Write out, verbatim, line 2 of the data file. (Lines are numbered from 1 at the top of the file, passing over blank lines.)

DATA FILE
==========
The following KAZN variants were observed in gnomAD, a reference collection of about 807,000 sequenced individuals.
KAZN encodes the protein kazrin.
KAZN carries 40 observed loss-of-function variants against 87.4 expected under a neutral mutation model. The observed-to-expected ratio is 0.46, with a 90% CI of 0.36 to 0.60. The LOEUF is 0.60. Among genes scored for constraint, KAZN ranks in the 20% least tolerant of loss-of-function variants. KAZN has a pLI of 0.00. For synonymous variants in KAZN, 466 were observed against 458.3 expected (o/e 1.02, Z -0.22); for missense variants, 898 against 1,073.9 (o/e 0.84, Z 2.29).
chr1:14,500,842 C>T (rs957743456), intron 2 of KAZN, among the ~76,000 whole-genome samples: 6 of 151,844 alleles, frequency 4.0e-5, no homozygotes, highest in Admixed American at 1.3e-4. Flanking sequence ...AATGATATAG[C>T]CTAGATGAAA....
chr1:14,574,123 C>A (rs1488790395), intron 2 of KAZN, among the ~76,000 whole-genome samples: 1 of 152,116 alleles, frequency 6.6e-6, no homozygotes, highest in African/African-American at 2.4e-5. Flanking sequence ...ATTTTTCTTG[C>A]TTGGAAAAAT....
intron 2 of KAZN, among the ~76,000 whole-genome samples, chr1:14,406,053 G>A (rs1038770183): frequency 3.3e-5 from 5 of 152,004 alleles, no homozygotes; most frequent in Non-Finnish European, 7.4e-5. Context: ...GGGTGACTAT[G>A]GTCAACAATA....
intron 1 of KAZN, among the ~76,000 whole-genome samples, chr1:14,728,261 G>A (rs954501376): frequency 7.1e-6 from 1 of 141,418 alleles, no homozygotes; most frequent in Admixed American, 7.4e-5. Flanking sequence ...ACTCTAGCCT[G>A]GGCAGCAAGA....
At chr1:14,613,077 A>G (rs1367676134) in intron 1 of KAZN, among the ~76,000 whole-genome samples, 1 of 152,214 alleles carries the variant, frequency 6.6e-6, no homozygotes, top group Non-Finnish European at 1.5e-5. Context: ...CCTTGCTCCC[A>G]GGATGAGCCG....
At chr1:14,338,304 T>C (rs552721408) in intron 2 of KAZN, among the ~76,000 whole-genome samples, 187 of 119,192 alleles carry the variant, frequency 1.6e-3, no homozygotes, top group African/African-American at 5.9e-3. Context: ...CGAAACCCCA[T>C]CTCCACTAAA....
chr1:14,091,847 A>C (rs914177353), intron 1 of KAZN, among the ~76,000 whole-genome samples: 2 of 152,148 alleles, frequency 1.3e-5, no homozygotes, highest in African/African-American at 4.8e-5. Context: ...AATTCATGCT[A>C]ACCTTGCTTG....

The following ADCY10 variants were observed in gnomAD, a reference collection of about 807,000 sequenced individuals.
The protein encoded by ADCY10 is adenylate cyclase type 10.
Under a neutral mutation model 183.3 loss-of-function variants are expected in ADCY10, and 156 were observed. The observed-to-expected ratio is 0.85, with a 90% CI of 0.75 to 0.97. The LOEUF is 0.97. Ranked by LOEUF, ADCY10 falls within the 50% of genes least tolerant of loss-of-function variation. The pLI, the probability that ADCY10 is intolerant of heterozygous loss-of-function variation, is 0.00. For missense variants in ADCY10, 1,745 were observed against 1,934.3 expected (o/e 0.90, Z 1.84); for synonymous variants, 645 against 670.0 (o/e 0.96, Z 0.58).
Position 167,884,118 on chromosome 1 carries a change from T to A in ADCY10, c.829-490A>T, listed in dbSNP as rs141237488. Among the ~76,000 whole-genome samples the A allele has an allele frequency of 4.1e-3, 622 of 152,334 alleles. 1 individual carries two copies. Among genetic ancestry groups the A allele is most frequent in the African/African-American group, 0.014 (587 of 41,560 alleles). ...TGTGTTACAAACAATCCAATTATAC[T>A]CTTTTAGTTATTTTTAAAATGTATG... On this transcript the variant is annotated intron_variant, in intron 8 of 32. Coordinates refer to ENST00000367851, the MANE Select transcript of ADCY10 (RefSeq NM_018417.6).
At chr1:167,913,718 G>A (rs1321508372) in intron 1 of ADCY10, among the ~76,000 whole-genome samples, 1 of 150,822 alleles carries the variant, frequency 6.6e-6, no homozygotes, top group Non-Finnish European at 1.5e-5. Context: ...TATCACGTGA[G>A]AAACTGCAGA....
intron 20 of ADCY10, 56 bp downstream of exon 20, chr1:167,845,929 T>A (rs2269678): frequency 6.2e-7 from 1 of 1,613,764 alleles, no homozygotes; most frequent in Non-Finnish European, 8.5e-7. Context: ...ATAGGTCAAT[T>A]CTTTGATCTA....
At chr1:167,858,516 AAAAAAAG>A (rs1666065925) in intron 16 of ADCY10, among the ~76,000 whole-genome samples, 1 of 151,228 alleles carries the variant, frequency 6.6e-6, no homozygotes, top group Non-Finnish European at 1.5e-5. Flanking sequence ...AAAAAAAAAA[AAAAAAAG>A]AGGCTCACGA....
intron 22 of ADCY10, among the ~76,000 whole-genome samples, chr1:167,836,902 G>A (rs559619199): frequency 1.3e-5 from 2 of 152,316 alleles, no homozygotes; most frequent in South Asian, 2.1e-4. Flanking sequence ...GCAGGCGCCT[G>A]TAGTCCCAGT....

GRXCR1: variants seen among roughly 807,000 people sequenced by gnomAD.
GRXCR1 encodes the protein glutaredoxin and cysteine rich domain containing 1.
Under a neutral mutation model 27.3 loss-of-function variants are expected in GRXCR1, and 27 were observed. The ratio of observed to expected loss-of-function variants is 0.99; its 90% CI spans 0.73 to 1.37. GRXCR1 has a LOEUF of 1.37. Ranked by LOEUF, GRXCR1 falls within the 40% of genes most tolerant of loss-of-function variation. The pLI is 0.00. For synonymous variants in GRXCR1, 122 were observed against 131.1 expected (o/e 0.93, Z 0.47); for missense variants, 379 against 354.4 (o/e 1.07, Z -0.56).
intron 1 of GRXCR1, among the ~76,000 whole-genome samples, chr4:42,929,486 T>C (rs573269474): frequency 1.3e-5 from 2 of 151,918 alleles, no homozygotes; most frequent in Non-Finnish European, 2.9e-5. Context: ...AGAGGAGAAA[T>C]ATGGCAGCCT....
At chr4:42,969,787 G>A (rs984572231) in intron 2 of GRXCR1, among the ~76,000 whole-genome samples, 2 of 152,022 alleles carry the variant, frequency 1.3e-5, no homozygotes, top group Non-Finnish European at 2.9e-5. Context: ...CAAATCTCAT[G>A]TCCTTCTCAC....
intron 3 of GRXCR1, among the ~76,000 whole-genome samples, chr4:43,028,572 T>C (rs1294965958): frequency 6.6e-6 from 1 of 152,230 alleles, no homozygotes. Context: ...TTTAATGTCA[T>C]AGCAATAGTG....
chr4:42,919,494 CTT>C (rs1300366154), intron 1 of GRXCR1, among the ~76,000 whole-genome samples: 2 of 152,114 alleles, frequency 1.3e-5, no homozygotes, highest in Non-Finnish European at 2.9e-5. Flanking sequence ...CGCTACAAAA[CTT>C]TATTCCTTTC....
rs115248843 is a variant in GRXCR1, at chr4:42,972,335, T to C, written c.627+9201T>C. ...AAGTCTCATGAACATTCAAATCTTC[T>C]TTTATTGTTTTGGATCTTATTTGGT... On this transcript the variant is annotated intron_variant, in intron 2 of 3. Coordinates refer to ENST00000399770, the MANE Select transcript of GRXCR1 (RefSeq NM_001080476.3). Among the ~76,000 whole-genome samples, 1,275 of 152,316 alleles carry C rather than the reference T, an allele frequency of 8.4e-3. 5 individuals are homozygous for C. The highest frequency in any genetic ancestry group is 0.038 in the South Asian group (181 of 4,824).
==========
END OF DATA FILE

KAZN encodes the protein kazrin.